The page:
From: Exit Staff
Kosovo Government Mulls Options for Vetting of Judges and Prosecutors 

Kosovo’s Ministry of Justice has presented the government with experts’ proposals on the vetting of judges and prosecutors, a reform promised by prime minister Albin Kurti.

Minister of Justice Albulena Haxhiu and her deputy Nita Shala briefed journalists on Tuesday on the results of their 6-month-long efforts.

Haxhiu stressed the government’s political will to enable a fair vetting process that would strengthen the judiciary in the country. The vetting itself will aim at fighting corruption and criminal and political influence in the justice system.

Shala explained that the experts’ main proposals entails constitutional changes and approval of new laws. New institutions will be created to vet people in the judiciary, with expert members whose term will last until vetting is completed.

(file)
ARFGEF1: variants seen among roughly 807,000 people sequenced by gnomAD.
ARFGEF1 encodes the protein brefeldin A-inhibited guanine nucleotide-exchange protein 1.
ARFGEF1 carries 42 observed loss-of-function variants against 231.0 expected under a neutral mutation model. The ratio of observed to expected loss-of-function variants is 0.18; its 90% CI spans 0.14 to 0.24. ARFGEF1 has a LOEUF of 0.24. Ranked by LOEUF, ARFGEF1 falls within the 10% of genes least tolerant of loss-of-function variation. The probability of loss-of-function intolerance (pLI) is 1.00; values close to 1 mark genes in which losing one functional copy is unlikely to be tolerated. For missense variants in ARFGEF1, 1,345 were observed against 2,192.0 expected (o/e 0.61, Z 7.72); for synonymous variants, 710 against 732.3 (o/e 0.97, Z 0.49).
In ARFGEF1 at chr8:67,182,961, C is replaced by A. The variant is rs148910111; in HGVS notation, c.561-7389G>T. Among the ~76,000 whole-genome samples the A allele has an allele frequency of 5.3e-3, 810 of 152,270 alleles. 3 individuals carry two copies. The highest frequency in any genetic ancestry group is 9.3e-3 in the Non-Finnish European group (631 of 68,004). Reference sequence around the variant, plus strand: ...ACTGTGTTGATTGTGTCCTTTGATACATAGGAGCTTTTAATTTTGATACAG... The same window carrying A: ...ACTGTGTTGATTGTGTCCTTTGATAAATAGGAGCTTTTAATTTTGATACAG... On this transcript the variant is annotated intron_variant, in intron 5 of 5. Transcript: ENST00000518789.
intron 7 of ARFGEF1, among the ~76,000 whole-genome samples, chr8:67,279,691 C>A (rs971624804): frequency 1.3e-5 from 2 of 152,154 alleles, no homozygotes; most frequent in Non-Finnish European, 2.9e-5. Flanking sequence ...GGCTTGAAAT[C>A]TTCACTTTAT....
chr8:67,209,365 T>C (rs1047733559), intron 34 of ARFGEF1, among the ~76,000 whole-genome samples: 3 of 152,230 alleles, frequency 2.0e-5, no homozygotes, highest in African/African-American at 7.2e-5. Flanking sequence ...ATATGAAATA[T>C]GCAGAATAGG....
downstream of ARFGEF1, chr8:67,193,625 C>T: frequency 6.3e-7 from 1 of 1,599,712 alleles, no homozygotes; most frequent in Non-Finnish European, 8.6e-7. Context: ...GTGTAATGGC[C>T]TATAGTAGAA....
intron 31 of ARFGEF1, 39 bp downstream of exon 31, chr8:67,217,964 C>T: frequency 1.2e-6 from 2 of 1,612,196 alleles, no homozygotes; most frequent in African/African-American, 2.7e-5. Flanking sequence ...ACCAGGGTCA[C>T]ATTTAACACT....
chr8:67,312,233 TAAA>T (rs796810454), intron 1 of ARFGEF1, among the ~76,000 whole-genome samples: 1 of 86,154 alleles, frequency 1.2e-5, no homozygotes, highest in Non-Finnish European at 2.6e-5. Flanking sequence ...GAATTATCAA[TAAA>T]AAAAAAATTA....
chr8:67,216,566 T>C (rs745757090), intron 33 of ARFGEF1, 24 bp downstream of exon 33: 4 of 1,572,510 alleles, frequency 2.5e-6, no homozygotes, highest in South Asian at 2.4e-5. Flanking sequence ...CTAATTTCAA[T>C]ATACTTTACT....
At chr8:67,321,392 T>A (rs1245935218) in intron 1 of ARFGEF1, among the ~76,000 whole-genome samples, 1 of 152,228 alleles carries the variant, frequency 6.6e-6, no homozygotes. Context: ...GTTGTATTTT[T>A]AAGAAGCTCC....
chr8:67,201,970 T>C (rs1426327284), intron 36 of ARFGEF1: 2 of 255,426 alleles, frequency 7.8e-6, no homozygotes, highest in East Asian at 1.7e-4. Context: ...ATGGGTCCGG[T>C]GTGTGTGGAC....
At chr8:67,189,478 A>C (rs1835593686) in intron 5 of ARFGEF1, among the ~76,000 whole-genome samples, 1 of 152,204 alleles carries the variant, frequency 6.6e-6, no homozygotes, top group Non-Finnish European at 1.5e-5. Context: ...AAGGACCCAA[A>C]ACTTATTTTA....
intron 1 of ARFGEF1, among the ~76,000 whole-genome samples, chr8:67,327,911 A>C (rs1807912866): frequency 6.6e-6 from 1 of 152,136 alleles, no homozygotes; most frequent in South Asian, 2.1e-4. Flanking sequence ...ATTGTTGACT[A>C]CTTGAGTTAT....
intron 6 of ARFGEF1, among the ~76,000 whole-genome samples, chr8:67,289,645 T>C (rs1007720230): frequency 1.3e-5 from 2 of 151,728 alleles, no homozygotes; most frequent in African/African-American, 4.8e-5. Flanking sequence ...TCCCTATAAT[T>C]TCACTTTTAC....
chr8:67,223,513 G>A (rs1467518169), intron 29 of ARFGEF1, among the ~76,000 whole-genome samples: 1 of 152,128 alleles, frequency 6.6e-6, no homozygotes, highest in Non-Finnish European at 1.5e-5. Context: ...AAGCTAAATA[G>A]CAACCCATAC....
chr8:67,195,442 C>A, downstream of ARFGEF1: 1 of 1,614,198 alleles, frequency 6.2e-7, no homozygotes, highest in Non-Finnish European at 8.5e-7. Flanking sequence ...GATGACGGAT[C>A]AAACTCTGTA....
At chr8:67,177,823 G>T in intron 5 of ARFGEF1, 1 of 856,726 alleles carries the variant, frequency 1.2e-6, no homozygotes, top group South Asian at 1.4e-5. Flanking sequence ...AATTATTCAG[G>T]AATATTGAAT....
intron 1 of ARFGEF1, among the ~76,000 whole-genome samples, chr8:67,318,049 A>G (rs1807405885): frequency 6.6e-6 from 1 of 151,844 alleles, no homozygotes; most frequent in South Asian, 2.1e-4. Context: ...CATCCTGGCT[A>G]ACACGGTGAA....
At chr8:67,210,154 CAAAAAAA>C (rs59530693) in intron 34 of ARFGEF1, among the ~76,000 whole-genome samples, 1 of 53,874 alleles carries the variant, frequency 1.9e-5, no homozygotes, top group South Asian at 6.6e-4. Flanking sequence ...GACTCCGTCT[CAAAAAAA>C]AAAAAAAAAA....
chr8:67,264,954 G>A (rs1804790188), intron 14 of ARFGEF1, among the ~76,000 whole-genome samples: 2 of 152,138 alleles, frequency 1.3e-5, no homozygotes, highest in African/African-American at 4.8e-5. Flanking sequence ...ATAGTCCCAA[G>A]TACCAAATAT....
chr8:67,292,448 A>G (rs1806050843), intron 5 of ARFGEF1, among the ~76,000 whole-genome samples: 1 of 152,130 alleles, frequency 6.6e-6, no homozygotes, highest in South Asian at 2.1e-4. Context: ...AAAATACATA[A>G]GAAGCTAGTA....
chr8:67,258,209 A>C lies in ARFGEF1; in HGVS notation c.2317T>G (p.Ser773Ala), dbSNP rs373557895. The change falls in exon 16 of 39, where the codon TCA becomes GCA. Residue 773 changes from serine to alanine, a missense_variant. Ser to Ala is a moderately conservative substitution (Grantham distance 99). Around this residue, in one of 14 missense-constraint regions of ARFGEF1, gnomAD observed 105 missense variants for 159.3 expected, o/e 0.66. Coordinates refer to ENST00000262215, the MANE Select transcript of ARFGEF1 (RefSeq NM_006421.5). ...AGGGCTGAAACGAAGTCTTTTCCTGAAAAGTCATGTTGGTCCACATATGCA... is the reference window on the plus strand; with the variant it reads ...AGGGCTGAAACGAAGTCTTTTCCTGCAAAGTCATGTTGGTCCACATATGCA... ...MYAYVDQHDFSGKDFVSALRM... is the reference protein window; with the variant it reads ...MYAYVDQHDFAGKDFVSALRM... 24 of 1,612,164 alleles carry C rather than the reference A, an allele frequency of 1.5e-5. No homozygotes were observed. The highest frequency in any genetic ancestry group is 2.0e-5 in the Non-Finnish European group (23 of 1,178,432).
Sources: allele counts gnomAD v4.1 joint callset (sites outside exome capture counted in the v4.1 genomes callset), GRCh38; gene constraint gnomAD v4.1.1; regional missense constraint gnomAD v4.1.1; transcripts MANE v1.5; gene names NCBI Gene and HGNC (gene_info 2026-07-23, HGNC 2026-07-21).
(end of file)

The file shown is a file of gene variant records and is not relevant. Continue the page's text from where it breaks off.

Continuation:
Professionals who will sit in vetting panels will be preliminarily vetted by a team of international experts, then they will pass a vote in parliament, and finally the president will approve them. The three filters are thought to assure the impartiality and professionalism of vetting panels.

The Ministry proposes to establish five vetting panels – three for judges and two for prosecutors. Their decisions for each subject vetted will be public.

Shala, who has led the work of experts so far, stressed that the reform will provide for the necessary mechanisms and vetting pace that will avoid the stalling of work in justice institutions.

Her remark possibly hints at Albania’s experience with justice reform, the poor conception and controversial implementation of which led to a complete paralysis for two years of the highest courts – namely, the Constitutional Court and High Court – deeply affecting justice and political life in the country.

The government is expected to discuss the proposal by Shala’s team in its first meeting.